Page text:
Reconstruction after LATG: technical tips and pitfalls
Review Article

Reconstruction after LATG: technical tips and pitfalls

Gengzhou Wei, Jiabin Zheng, Yong Li

Department of General Surgery, Guangdong General Hospital, Guangdong Academy of Medical Sciences, Guangzhou 510080, China

Contributions: (I) Conception and design: Y Li; (II) Administrative support: J Zheng; (III) Provision of study materials or patients: G Wei; (IV) Collection and assembly of data: G Wei, J Zheng; (V) Data analysis and interpretation: G Wei, J Zheng; (VI) Manuscript writing: All authors; (VII) Final approval of manuscript: All authors.

Correspondence to: Yong Li. Department of General Surgery, Guangdong General Hospital, Guangdong Academy of Medical Sciences, NO. 106, Zhongshan Er Road, Guangzhou, 510080, China. Email: yuan821007@126.com.

Abstract:Since the launching of laparoscopic radical gastrectomy in 1990s, the technique of laparoscopy has become more mature, and it has gradually been applied from distal gastrectomy to total gastrectomy. Laparoscopic distal gastrectomy is an accepted option for gastric cancer surgery; however, laparoscopic total gastrectomy is not widely performed, because of the difficulty of reconstruction of the digestive tract. Efforts have been made to establish an intracorporeal anatomic technique for esophagojejunostomy. There have been several techniques for esophagojejunostomy reported using either circular or lineal staplers. This article is to introduce these techniques and try to analysis the technical tips and pitfalls of them.

Keywords:Laparoscopic surgery; total gastrectomy; esophagojejunostomy


Received: 13 November 2016; Accepted: 07 March 2017; Published: 05 May 2017.

doi: 10.21037/tgh.2017.03.11


Since the first case of laparoscopic assisted distal gastrectomy for gastric cancer was reported by Kitano et al. (1) in 1994, the laparoscopic technique has been made great progress in gastric cancer radical operation. Early laparoscopic technique is mainly used in early gastric cancer, and a lot of researches (2-4) have revealed several advantages of the procedure, including less bleeding in operation, shorter hospital stay, faster recovery of bowel function and fewer complications compared with the open surgery. Therefore, laparoscopic techniques have been widely accepted, and gradually applied to the proximal and total gastrectomy. However, the technique difficulty of Roux-en-Y reconstruction is the major reason for surgeons’ hesitancy to perform the totally laparoscopic total gastrectomy. The reconstruction related complications like leakage, bleeding, stricture must be concerned. Okabe et al. (5) analyzed 16 retrospective studies. The results showed that the frequency of leakage is similar with open surgery (6-8) and stricture occurred rates are lower than open surgery (9), and the incidence of anastomotic bleeding is very rare, which suggests that LTG is a safe and feasible option.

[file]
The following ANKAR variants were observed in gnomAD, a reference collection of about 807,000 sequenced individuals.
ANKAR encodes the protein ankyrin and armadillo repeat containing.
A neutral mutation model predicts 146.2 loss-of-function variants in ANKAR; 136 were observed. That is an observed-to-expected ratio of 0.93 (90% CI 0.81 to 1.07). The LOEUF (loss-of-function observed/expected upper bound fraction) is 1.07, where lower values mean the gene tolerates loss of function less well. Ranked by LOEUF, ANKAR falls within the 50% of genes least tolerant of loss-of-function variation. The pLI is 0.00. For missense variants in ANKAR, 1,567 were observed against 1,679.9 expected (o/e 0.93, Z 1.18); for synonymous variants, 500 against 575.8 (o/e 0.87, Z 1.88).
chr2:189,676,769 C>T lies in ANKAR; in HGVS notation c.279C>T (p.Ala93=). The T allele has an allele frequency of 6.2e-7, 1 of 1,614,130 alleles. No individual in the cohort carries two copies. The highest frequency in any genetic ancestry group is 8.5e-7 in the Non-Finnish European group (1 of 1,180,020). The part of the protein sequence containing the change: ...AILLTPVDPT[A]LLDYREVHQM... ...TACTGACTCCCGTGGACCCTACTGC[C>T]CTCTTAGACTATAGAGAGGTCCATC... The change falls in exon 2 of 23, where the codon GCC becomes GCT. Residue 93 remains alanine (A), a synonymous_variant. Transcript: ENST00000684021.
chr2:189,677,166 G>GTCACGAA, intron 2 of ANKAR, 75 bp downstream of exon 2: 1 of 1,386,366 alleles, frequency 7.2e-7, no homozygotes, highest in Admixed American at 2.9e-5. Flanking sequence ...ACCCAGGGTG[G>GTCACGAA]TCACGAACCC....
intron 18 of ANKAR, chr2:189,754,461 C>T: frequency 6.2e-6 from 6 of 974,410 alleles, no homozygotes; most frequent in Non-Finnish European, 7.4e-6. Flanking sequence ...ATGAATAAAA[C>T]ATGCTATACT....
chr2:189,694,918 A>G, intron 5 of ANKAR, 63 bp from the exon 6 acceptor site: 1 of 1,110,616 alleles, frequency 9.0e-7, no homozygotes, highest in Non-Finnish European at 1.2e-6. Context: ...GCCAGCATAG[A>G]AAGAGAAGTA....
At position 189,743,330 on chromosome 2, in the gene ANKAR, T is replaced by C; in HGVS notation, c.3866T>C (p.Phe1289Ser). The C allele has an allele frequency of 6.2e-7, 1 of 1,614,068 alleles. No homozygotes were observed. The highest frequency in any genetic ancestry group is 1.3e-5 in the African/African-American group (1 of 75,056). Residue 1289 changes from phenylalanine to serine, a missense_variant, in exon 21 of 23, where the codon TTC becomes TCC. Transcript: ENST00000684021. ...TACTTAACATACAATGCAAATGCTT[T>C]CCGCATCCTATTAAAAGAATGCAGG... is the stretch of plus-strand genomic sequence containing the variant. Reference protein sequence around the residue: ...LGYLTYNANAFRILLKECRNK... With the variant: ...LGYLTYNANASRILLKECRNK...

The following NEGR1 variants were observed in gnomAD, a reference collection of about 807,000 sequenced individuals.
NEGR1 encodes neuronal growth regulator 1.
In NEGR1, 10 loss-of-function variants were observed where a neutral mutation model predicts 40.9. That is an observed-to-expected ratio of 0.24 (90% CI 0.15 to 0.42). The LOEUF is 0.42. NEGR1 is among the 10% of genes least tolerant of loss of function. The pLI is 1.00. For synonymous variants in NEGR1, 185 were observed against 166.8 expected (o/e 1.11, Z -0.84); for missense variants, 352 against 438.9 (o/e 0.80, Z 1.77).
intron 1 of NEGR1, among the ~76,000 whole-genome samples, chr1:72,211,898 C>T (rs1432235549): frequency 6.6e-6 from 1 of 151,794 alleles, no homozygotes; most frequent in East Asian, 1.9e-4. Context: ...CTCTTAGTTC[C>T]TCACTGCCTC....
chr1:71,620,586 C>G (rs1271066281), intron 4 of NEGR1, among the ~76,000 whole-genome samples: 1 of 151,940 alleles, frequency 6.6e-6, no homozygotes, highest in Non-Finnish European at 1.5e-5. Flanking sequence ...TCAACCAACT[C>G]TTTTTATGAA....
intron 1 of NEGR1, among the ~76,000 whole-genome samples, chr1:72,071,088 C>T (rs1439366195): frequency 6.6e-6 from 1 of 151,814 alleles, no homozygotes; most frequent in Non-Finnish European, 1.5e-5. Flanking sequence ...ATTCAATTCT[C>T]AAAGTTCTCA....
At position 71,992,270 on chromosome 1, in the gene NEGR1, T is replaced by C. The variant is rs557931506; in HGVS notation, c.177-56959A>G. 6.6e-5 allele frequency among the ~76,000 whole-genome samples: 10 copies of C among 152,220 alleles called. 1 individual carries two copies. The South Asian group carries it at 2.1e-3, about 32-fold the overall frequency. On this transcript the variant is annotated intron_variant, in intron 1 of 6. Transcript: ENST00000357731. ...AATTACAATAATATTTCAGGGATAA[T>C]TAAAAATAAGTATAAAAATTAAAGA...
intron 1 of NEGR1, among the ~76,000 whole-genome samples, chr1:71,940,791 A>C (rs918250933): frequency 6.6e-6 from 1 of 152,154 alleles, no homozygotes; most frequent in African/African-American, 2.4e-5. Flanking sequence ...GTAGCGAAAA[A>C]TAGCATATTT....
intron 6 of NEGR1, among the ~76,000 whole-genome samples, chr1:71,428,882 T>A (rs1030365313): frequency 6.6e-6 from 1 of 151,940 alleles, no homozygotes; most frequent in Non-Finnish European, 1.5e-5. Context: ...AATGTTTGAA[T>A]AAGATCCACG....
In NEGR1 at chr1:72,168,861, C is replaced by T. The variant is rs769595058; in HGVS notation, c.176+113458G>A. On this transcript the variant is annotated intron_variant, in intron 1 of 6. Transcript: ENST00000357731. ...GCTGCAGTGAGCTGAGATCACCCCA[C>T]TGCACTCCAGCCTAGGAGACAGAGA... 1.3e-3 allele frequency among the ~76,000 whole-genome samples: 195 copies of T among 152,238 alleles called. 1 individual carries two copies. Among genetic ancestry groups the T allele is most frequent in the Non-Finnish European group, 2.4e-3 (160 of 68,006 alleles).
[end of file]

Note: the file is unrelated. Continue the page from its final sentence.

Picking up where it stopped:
So far, the techniques of esophagojejunostomy include circular staplers, linear staplers and hand-sewn esophagojejunal anastomosis. This article is aimed to review the current techniques of esophagojejunostomy and analysis their advantages/disadvantages and pitfalls of each method.


Techniques using circular staplers

Circular stapler is the most frequent used technique in open surgery and the most obvious advantage using in the laparoscopic procedure is that surgeons are already familiar with the device and know the detailed technical tips on how to best to use them. Nowadays, there are several methods of circular staplers. The common difficulty of them is the insertion of the anvil head into the esophagus.

Purse-string suture